Interactive Design Pioneer Edwin Schlossberg Draws Standing Room Crowd at City Tech

December 9, 2005 | New York City College of Technology

Brooklyn, NY — The side aisles were lined with students and there wasn’t an empty seat in the house at interactive design pioneer Edwin Schlossberg’s November 15, 2005, seminar at New York City College of Technology. Schlossberg spoke and took questions for 90 minutes as part of the Department of Advertising Design & Graphic Arts’ Seminar Series, an educational initiative that has brought some of the country’s top communications field professionals to City Tech’s Downtown Brooklyn campus. The series is coordinated by Professor John McVicker.

Brooklyn and City Tech are no strangers to Schlossberg. He began his award-winning career here nearly 30 years ago with his groundbreaking work for the Brooklyn Children’s Museum. The museum’s acclaimed Learning Environment broke the mold of artifact-based exhibits used in other museums and created a fun-filled, hands-on laboratory where children discovered their relationship to the natural world through interaction with the exhibits.

In the ensuing years, Schlossberg and his design team at ESI Design in Manhattan have continued to redefine the meaning of interactivity in a range of educational and recreational settings. Among the team’s most recent projects is the American Family Immigration History Center at Ellis Island, which enables visitors to search for information, in person or online, about their ancestors’ arrival in the United States in a database of 22 million passenger records. The center’s website is one of the most visited in the history of the Internet.

In his November 15 City Tech presentation, “Thinking About Design,” Schlossberg discussed the critical components of good design and the skill sets required to produce good design in an increasingly interactive environment. “The individual designer is largely a thing of the past,” he told an attentive audience. “Today, design is a collaborative creative process that makes it absolutely necessary to be able to function effectively as a member of a team.”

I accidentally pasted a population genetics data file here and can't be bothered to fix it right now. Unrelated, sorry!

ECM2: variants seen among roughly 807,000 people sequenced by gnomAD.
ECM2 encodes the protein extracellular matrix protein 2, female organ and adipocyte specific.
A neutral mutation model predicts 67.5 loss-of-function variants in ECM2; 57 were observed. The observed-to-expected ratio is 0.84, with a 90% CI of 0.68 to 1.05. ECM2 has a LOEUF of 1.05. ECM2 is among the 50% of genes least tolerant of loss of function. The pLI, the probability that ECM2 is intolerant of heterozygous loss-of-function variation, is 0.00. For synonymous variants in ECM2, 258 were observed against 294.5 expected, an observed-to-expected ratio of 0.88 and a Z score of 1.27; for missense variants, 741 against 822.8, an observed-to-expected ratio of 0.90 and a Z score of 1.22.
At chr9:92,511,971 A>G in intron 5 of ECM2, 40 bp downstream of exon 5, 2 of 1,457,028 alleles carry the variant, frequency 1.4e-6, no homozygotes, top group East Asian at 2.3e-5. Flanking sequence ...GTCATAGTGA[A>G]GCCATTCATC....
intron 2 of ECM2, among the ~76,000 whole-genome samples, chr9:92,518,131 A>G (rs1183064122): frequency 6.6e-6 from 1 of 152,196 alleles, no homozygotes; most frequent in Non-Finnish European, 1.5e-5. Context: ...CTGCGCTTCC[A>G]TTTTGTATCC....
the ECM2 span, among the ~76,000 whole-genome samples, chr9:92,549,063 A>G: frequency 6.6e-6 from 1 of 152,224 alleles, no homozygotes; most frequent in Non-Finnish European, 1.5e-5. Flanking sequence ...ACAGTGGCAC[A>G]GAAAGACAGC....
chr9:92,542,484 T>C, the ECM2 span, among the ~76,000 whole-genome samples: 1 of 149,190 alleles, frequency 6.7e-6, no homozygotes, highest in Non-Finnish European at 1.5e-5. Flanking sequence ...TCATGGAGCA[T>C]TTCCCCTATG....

Schlossberg stressed the vital importance of effective communication skills in today’s design environment. “It is no longer enough to be a good designer. You have to be an outstanding communicator with the ability to clearly and concisely express your viewpoint both visually and by means of oral and written communications. They are as much a part of selling your concept as are the most exciting sketches.”

A student of the late American visionary, designer, architect, inventor and prolific writer R. Buckminster Fuller, Schlossberg pioneered the concepts of experiential and interactive design for museums, public spaces, retail environments and business communication systems. He holds a PhD in science and literature from Columbia University and is the author of 11 books and numerous articles, including Interactive Excellence: Defining and Developing New Standards for the Twenty-first Century.

Contact: Michele Forsten or Dale Tarnowieski, 718.260.5109 or e-mail mforsten@citytech.cuny.edu or dtarnowieski@citytech.cuny.edu